Mountain ringlet

Latin name: Erebia epiphron Mountain ringlet

Size: Wingspan 38mm

Where: Grassy mountainsides and gullies above 300m, for example Ben Lomond; Ben Vane; Breadalbane hills

When: Late June to early August on calm, sunny days

Walkers who are lucky enough to get a sunny day on the hill in early summer have the best chance of seeing these velvety-brown butterflies. Mountain ringlets are the country’s only truly alpine species – the first butterfly to recolonise the UK after the last ice age.

They may look small and delicate, but they are a tough and hardy species. The caterpillars survive one, and sometimes two, winters on the bleak, exposed mountainsides. They hide deep in the tussocks of mat grass that are thought to be their food plant, sometimes blanketed in snow for weeks on end.

The dusky-winged adults, which emerge from late June to mid July, are not so sturdy. They usually survive for less than a week, their lives devoted to finding a mate and laying the eggs for the next generation. The butterflies feed on the nectar of mountain flowers like tormentil or wild thyme, flying low to the ground to avoid being spotted by birds, which are their main predators.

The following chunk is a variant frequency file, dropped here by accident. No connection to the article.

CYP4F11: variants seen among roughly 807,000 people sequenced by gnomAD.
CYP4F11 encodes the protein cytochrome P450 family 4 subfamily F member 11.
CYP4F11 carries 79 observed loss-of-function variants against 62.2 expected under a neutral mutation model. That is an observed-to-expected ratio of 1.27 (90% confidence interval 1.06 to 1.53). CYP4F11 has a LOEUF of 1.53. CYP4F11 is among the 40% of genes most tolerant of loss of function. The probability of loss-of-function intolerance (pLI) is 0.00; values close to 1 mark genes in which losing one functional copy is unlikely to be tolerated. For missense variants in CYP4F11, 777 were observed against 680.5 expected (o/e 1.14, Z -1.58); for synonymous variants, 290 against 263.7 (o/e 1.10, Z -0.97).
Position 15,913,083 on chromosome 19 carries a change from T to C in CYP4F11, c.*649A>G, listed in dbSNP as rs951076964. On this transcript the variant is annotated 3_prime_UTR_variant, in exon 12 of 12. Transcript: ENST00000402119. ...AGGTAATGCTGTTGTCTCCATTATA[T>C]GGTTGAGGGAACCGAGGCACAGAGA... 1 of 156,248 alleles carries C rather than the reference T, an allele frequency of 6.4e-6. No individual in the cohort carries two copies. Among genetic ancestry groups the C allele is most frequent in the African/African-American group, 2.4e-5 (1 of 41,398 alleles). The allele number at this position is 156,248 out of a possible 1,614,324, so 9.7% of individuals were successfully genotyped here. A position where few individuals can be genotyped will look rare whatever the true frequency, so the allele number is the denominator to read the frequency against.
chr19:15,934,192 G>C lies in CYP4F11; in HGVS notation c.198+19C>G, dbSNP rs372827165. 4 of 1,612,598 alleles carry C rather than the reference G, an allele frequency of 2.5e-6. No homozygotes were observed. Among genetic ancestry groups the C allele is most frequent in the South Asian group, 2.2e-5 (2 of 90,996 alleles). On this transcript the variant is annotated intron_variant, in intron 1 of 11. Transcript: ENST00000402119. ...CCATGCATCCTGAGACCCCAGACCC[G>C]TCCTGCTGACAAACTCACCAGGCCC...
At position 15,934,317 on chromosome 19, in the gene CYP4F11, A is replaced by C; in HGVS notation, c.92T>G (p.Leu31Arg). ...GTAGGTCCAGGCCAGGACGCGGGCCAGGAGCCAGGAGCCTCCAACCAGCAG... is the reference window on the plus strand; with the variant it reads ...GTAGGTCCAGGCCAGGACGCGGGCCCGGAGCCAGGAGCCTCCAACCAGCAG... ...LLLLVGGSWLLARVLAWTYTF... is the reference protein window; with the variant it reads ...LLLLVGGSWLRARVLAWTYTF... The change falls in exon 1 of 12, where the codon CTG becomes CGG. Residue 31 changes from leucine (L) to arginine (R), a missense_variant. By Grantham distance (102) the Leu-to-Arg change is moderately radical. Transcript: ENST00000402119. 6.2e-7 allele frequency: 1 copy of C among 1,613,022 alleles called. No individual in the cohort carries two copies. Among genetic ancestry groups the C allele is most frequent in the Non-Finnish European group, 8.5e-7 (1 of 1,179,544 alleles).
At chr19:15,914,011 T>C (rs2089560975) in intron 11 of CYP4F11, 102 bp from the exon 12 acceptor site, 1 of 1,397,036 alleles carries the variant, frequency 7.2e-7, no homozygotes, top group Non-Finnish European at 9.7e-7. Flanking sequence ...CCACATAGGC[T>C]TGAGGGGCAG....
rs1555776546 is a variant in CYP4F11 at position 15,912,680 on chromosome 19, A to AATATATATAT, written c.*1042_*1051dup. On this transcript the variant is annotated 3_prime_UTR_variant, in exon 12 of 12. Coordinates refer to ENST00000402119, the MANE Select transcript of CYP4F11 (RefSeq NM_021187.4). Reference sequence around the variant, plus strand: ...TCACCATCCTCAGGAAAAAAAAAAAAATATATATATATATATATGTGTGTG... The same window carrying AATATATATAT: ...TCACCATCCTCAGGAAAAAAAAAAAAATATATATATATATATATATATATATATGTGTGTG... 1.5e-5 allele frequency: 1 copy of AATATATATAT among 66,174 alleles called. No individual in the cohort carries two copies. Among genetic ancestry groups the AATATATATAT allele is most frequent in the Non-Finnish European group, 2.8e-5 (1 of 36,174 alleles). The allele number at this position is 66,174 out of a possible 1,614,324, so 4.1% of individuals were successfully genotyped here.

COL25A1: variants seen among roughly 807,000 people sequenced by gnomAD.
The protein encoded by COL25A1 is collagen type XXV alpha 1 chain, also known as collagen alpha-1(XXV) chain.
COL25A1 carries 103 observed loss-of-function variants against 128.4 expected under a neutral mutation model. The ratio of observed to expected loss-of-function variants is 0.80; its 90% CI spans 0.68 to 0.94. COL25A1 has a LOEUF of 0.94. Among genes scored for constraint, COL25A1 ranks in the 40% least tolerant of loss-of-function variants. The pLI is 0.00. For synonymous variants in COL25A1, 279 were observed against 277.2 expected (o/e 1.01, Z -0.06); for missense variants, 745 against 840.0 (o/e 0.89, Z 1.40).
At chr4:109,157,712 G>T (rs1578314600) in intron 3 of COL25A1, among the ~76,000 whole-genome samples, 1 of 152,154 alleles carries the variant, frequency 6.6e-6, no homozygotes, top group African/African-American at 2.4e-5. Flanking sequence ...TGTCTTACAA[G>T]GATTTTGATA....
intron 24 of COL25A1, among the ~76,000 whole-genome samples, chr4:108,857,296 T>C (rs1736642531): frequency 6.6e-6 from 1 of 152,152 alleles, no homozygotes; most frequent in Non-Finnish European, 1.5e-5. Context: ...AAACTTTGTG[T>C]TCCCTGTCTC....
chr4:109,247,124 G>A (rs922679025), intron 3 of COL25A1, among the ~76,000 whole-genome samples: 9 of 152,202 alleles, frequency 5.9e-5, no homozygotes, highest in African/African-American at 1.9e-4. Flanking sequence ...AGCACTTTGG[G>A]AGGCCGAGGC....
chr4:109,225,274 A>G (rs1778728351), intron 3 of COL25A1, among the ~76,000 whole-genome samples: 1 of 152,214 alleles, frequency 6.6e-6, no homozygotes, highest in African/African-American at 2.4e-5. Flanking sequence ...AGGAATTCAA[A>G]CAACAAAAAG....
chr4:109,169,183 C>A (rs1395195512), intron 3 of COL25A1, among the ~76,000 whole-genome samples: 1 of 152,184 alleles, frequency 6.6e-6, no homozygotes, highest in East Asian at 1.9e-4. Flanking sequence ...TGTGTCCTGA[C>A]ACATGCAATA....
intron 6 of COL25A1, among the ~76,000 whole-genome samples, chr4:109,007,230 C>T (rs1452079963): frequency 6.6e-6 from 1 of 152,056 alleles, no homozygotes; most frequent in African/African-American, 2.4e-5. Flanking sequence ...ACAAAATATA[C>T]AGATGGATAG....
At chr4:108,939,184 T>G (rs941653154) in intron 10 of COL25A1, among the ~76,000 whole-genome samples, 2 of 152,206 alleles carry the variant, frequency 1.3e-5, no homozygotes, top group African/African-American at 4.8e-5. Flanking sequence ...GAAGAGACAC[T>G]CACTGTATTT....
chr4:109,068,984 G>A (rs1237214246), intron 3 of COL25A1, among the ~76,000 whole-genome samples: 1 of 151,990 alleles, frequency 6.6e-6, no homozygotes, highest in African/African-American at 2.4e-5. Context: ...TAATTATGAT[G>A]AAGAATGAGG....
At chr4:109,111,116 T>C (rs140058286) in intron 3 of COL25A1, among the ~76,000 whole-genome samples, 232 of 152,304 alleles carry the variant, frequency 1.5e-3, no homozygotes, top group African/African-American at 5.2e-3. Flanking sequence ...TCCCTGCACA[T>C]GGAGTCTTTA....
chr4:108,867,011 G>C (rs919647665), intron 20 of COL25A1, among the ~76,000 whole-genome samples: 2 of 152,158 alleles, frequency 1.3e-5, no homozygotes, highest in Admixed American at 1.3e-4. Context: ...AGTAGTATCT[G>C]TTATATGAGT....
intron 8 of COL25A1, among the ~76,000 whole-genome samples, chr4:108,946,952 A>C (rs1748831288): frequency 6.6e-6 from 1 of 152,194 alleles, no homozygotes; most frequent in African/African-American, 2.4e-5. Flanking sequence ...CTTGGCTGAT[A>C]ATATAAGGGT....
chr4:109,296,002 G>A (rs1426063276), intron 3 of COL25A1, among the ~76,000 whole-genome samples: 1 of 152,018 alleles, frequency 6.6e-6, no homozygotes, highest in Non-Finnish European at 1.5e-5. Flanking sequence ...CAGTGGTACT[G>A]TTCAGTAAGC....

Like some hillwalkers they only come out in warm sunshine, and if you see one mountain ringlet you may possibly see hundreds, as they often emerge en masse when conditions are right. It’s mostly the males you will see – the females are too weighed down by their eggs to fly often! The males will land on anything brown they spot – moss, sheep’s wool, even droppings – in the hope that it’s a female with which to mate.

Despite being one of our first colonisers, mountain ringlets are now found in only a small area of Scotland and in the central Lake District. Climate change could prove a threat to them in these last refuges, as warmer, wetter summers and milder winters could alter their habitat or affect their survival in other ways.

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Any natural place contains an infinite reservoir of information, and therefore the potential for inexhaustible new discoveries.

Richard Louv, Last Child in the Woods